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  3. Somewhat accidentally, I’ve read Catch-22, Fahrenheit 451 and now, 1984 in a period of a month or so, all written in the shadow of WWII and with echoes of anti-intellectual tyrants, some obvious foreshadowing to present day anti-intellectual tyrants, weird stuff that happens with technology. What I like about reading those classics is it seems the writers have a real ability to see ahead by drawing on very real circumstances. That there’s a real timelessness we can find in our writing. I don’t know I’d say that about Infinite Jest. The title is apt, the writing is an amusement park but at times, with only seat for one, if you know what I mean. And then, I just read a short story by an American writer I met in Stuttgart earlier this week, whose self-published book I bought, and it was just as real in many ways as those others, to your point. I couldn’t finish my reread of IJ last year with Ross, had to put it down. Made the mistake of reading a friend’s doctorate paper on it, which was heavy on Keirkegaard and Kant references, and kind of lost my mind with all that, and being unemployed, and starting to imagine my dog was reading my mind.

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    • In regards to Jest, it might be one of those survivalist course books where people praise the hell out of it because they made it through. Who knows? I’m going to keep going, because I do like some of the wordplay and ADD aspects, but it does feel like work.

      I have so many mixed feelings about literary works. It feels like over the course of a couple hundred years, the list should be longer, more current and more diverse.

      The anti-intellectualism you point out is aggravating. Intellectuals often don’t help themselves with their overtones of arrogance, but defensiveness about one’s ignorance is just as irritating and slightly more damning.

      The three books you mentioned are favorites of mine. Satire and tongue-in-cheek writing, as well as sharp social and political commentary really grab me.

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      • IT was by turns exhausting and exhilarating. A year later, though, and it has stuck with me. I can’t say that about all the books I read last year.

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        • There’s no doubt that books we have to really dig into stick with us longer than reads that don’t challenge us. And if there are many layers, it may not occur to us until time passes what this bit or that bit meant.

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    • Interesting. I’ve been doing some re-reading of old favorites, like Catch-22, which I just checked out at the library today. I’d forgotten how laugh-out-loud funny it is. In the past couple of years, I’ve also re-read the two others you mention. Now I want to re-read Brave New World. Have also recently re-read Slaughterhouse Five.

      It occurs to me most classical fiction is depressing, with few exceptions, like Candide. Modern fiction, Life of Pi, is way outside my life experience, like nothing I’ve ever read. I liked Empire Falls. Wild Swans is autobiography at its best, about growing up in China during Mao Zedong’s time, by Jung Chang.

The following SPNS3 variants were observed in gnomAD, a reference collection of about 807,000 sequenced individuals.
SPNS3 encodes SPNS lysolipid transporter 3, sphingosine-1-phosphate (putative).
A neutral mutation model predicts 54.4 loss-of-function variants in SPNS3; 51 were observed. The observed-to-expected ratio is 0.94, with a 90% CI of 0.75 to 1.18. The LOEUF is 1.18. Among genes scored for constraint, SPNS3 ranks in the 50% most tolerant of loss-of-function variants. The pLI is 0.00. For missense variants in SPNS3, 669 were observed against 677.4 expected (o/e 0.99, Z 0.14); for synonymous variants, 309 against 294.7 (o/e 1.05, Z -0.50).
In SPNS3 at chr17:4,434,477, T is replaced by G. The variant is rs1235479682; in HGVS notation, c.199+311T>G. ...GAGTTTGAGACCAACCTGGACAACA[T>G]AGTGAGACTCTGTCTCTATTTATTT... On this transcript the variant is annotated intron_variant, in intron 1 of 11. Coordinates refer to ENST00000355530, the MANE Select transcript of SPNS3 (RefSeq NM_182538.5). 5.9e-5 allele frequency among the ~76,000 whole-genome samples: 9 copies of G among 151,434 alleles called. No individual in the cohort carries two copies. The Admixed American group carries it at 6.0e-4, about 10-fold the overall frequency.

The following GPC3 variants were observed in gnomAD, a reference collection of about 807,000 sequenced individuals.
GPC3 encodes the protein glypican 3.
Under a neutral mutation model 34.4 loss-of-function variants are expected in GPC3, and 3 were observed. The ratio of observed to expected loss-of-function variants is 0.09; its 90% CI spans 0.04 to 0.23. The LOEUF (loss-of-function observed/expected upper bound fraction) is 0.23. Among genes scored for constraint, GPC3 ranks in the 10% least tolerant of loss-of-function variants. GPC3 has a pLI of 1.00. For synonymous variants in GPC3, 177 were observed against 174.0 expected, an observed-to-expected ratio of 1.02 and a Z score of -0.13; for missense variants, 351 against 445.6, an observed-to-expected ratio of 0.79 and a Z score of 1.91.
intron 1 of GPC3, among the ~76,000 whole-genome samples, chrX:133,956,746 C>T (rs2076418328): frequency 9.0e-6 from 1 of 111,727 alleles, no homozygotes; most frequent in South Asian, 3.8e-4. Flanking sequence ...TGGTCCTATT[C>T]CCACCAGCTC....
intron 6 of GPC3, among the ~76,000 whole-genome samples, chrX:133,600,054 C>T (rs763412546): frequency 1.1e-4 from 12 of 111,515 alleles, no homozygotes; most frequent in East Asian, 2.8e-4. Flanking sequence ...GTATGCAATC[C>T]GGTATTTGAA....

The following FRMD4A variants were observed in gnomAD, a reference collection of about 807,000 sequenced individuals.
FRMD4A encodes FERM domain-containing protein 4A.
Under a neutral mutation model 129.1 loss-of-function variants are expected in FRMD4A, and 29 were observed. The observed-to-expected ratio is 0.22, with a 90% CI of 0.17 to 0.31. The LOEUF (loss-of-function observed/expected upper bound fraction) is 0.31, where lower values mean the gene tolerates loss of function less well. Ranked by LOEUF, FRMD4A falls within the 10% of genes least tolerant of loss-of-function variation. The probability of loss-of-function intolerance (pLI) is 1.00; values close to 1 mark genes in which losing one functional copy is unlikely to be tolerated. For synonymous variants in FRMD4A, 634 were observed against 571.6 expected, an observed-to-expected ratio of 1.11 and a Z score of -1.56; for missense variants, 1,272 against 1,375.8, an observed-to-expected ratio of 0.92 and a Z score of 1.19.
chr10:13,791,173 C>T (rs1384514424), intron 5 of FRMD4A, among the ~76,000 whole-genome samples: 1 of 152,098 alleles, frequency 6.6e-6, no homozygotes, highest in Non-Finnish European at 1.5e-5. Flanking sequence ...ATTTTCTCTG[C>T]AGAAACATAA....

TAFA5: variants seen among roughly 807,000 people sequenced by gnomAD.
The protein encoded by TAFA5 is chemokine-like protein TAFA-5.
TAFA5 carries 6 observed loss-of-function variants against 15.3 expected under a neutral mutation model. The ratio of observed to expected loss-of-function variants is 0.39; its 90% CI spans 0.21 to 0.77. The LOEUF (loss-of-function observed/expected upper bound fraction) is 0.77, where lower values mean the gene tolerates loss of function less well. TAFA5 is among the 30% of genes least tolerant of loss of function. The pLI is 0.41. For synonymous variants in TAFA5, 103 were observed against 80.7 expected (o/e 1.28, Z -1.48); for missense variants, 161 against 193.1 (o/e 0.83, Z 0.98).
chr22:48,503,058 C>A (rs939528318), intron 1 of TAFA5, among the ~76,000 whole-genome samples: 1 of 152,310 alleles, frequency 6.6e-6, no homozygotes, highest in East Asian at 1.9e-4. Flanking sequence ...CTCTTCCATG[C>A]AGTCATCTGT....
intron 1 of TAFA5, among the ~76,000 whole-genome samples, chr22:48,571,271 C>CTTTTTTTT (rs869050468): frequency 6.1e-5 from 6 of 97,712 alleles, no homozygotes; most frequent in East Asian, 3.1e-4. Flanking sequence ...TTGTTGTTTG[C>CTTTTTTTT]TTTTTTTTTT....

I don’t have a television or a family, and I’m retired from the clock-time world, so I have lots of time to read. I’m a perpetual student of life. There’s time to read everything you want, if you live long enough, and time to read some things twice.

      It seems books find me, often by other people’s recommendations. I haven’t read Infinite Jest. Should I?

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      • Hi — well, on the question about Infinite Jest I want to respect the fact Michelle here is reading it and I don’t want to hog her space with my hot air, but I’ll say I’m glad I read it, even though I struggled trying to reread it several years later. I’ll just compare it to Ulysses by James Joyce in that I wouldn’t recommend the book unless perhaps you’re a fan of the writing process, to experience some books that really push the limits, perhaps lead others in different, new directions. And perhaps a question I was pondering on this this morning: how much can reading feel like real work, to where that’s OK vs. too much? IJ tries to do some things, and does succeed, that are marvellous in and of themselves. I have another friend who insists it’s an example of what happens when a writer gets so much clout, whether deserved or not, that they operate at a level above or beyond editing, and perhaps shouldn’t. I give props to Michelle for having a go at it, though. – Bill

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      • I appreciate Bill weighing in on this one and I agree with him. You have to have a dogged interest in writing and the process to get through some of these books. I have to take regular breaks from Jest, just to let my mind rest a bit.

        The depressing nature of these novels is something I’ve thought about a lot. I’m glad you brought that up, because as a reader I am not fond of the dark, heavy depressing nonstop onslaught of misery.

        The best books to me are really a reflection of the human experience – with the funny and the sad all coming and going. There’s something about dark novels that give the impression of depth of meaning to a lot of reviewers and award panels and I don’t understand it.

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        • Agreed. I’ve started a personal list of refreshingly human books that have staying power. Two of my all-time favorites are “Cheaper by the Dozen,” a family classic, and “My Family and Other Animals,” by Gerald Durrell, Lawrence Durrell’s brother. Both are autobiographical, family-oriented, and hilarious.